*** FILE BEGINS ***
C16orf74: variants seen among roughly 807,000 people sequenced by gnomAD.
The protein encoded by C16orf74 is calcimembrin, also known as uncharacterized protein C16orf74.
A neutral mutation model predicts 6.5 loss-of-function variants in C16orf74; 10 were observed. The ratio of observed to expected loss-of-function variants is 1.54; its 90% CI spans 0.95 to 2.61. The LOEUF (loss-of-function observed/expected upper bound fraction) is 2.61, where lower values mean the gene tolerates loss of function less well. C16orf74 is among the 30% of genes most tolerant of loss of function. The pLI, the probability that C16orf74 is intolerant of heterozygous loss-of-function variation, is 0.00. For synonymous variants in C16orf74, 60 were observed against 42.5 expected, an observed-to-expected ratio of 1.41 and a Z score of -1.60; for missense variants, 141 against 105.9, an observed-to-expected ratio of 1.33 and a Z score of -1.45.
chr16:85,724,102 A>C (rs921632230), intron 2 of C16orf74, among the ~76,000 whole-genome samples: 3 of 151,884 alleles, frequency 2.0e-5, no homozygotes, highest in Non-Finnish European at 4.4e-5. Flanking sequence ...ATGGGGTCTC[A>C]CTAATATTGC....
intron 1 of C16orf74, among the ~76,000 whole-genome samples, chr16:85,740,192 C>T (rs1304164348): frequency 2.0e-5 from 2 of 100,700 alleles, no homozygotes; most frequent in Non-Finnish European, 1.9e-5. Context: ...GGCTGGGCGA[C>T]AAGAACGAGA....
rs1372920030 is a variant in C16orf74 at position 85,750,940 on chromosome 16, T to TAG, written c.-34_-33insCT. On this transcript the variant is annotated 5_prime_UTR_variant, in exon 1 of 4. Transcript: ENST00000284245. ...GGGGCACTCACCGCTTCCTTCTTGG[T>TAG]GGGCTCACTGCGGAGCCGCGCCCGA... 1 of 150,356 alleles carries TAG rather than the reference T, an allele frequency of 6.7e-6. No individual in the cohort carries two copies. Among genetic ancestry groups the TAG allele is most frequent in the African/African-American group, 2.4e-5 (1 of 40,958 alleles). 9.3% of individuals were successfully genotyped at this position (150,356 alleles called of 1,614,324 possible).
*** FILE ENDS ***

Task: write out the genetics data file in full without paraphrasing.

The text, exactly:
C16orf74: variants seen among roughly 807,000 people sequenced by gnomAD.
The protein encoded by C16orf74 is calcimembrin, also known as uncharacterized protein C16orf74.
A neutral mutation model predicts 6.5 loss-of-function variants in C16orf74; 10 were observed. The ratio of observed to expected loss-of-function variants is 1.54; its 90% CI spans 0.95 to 2.61. The LOEUF (loss-of-function observed/expected upper bound fraction) is 2.61, where lower values mean the gene tolerates loss of function less well. C16orf74 is among the 30% of genes most tolerant of loss of function. The pLI, the probability that C16orf74 is intolerant of heterozygous loss-of-function variation, is 0.00. For synonymous variants in C16orf74, 60 were observed against 42.5 expected, an observed-to-expected ratio of 1.41 and a Z score of -1.60; for missense variants, 141 against 105.9, an observed-to-expected ratio of 1.33 and a Z score of -1.45.
chr16:85,724,102 A>C (rs921632230), intron 2 of C16orf74, among the ~76,000 whole-genome samples: 3 of 151,884 alleles, frequency 2.0e-5, no homozygotes, highest in Non-Finnish European at 4.4e-5. Flanking sequence ...ATGGGGTCTC[A>C]CTAATATTGC....
intron 1 of C16orf74, among the ~76,000 whole-genome samples, chr16:85,740,192 C>T (rs1304164348): frequency 2.0e-5 from 2 of 100,700 alleles, no homozygotes; most frequent in Non-Finnish European, 1.9e-5. Context: ...GGCTGGGCGA[C>T]AAGAACGAGA....
rs1372920030 is a variant in C16orf74 at position 85,750,940 on chromosome 16, T to TAG, written c.-34_-33insCT. On this transcript the variant is annotated 5_prime_UTR_variant, in exon 1 of 4. Transcript: ENST00000284245. ...GGGGCACTCACCGCTTCCTTCTTGG[T>TAG]GGGCTCACTGCGGAGCCGCGCCCGA... 1 of 150,356 alleles carries TAG rather than the reference T, an allele frequency of 6.7e-6. No individual in the cohort carries two copies. Among genetic ancestry groups the TAG allele is most frequent in the African/African-American group, 2.4e-5 (1 of 40,958 alleles). 9.3% of individuals were successfully genotyped at this position (150,356 alleles called of 1,614,324 possible).